logoSouthwest Environmental Limited
Environmental Consultancy Services to Industry, Business and Individuals
02076 920 670
01392 927 961
01612 970 026 
01173 270 092 

Building Near Trees

If you would like us to undertake a building near trees assessment for you project please do get in touch for a fixed price quotation. We want to keep your project moving. 

This page explains the problems encountered when building near trees and how to get around them.

The Problem

If you intend to build near trees it is sometimes worth taking a few extra precautions. It is good to build near trees for many reasons, it increases property value, it provide seasonal shade to prevent summer overheating and in some cases the roots provide stability.

However, trees can also affect the soils on which you build in a way that may cause damage to proposed or existing buildings, for this to happen you need two ingredients:

  1. You need a soil with shrink / swell potential - If you are building on pure gravels or sands then trees will have little affect on soil volume change. Unless of course the tree is very close and very large, and then the shear volume of the roots may cause problems.
  2. You need a tree - You need an existing or proposed tree (removal or planting) within a certain distance of the building (whether planned or existing).  

The foundation of a typical house rest within the soil. The weight of the house is support by the soil. If the soil changes volume, then this will destabilise the building.


The more common example is when an existing or new tree grows over time, and as it does the roots grow outwards and take moisture from a clay soil (see below for discussion on "clay soil"). The soils the house is resting upon shrink. Quite often this will happen on one side of a building rather then all of the way around it. As such one side of the house is supported and the other side is not. This causes "twisting" and crack may begin to appear in the wall of foundations.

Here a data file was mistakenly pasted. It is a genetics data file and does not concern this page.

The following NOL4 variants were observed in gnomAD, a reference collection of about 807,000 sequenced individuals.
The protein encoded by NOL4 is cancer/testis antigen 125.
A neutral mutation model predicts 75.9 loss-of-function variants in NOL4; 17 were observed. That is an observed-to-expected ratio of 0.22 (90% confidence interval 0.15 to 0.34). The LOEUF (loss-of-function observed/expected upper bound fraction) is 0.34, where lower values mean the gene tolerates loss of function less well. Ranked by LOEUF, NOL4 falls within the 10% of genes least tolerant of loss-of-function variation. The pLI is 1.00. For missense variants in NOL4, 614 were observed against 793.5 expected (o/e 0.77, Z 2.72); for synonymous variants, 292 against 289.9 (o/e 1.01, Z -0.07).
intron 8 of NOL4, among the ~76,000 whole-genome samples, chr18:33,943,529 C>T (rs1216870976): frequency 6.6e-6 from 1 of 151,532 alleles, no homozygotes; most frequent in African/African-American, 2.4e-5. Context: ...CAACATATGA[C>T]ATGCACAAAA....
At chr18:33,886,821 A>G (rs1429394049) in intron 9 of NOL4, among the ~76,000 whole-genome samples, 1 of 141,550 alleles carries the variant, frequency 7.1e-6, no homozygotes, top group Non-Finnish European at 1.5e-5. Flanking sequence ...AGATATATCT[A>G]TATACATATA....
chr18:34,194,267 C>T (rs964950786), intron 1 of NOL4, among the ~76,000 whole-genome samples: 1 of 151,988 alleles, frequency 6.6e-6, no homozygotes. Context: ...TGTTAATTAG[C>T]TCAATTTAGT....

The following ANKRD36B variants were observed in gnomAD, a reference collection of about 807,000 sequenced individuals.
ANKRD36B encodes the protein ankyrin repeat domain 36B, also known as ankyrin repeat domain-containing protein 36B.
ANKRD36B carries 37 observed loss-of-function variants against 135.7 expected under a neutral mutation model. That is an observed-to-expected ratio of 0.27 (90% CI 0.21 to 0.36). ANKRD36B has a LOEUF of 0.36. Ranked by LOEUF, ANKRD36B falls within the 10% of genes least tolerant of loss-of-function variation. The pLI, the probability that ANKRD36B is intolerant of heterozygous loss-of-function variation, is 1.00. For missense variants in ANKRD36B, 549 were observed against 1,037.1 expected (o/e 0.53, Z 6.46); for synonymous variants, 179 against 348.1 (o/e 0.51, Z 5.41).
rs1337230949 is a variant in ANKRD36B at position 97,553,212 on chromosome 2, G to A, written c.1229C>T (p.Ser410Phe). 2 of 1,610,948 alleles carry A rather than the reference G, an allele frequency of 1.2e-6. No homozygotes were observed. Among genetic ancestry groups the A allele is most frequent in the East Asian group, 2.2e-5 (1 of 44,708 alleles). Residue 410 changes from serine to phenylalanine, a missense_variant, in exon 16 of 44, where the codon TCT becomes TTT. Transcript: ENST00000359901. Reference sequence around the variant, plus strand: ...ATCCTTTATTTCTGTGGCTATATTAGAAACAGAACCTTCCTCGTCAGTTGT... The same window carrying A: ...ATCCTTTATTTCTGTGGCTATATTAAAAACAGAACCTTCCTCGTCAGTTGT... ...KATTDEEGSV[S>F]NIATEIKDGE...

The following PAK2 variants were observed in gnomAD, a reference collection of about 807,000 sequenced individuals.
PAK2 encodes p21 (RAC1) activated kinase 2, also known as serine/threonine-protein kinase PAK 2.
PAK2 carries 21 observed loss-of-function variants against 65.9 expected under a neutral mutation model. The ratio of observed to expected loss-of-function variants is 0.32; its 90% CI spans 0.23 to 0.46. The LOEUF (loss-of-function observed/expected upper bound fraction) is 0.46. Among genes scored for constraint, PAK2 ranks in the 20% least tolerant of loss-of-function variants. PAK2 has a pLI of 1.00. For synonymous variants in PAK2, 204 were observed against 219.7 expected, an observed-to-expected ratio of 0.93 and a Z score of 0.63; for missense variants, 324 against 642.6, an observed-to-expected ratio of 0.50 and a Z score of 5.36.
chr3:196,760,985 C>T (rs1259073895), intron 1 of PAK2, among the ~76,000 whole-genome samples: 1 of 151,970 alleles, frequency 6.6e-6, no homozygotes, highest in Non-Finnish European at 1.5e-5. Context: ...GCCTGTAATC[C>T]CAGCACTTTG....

A less common problem is heave or swell. When a tree is removed or a section of the rooted area, is cut off from the tree (digging a trench through roots). The water demand is removed, and the soil may begin to expand.

Perhaps the most dramatic example of this are when swelling soils are confined within the "box" of a new building. Surrounded by concrete, the swelling soils push outwards and the force is so strong it can push apart reinforced concrete.

A Word on Soils

Clay soils are not all made equal. Some clays such as kaolin, do not change shape much when there moisture content changes. Other clays such as montmorillonite, change volume dramatically dependent on whether they are wet or dry.

The other thing to note is that clay soils do not have to be pure clay. In fact you could potentially have 70% gravel and sand in your soil, but the remaining 30% clay dictates its behavior.

A quick (an not very accurate check) is to pick up a handful of soil, and squeeze it in your hand. If it stick together in a lump, this is an indication it behaves like a clay.

A Word on Trees

 Not all trees are made equal. Some trees are more thirsty than others.

High Water Demand Trees

Low Water Demand Trees


If an existing tree is getting too big then pruning or removal are good ways to prevent damage to existing structure. But even in these circumstances care should be taken. The swell created by removing a tree, can be more rapid than the decades of shrink prior. So be careful.

If you are building something new then the following steps can help:

Foundation Depth

We can work out the required foundation depth for you.

As an example a Cypress, Leyland panted 3.00 meters from a proposed foundation, will mean that the foundation depth will be 2.4m. This is based on a soil with a plasticity index of 33%.

A typical footing depth might 1.5m. So you can see that building near trees can complicate things considerably.

Bear in mind the footing can be piled or trench footing. Sometime for sites with lots of trees, and shrink swell conditions it is better you use piled foundations.

Clay Board

Clay board is a squashy board that is placed on the outside and inside of any foundation structures. If swell occurs the board compresses and minimizes chance of damage.

Information from BGS

The British Geological Survey Provide the following advice on Shrink Swell Soils:

What We Do

We have worked on many sites over the year where client require advice on building near trees. Are most popular service is providing foundation depths based on NHBC guidance for building near trees. We can arrange the soil sampling required to undertake this work, and carry of the reporting. This is then passed on to architect, building inspector, engineer. And your project moves forward.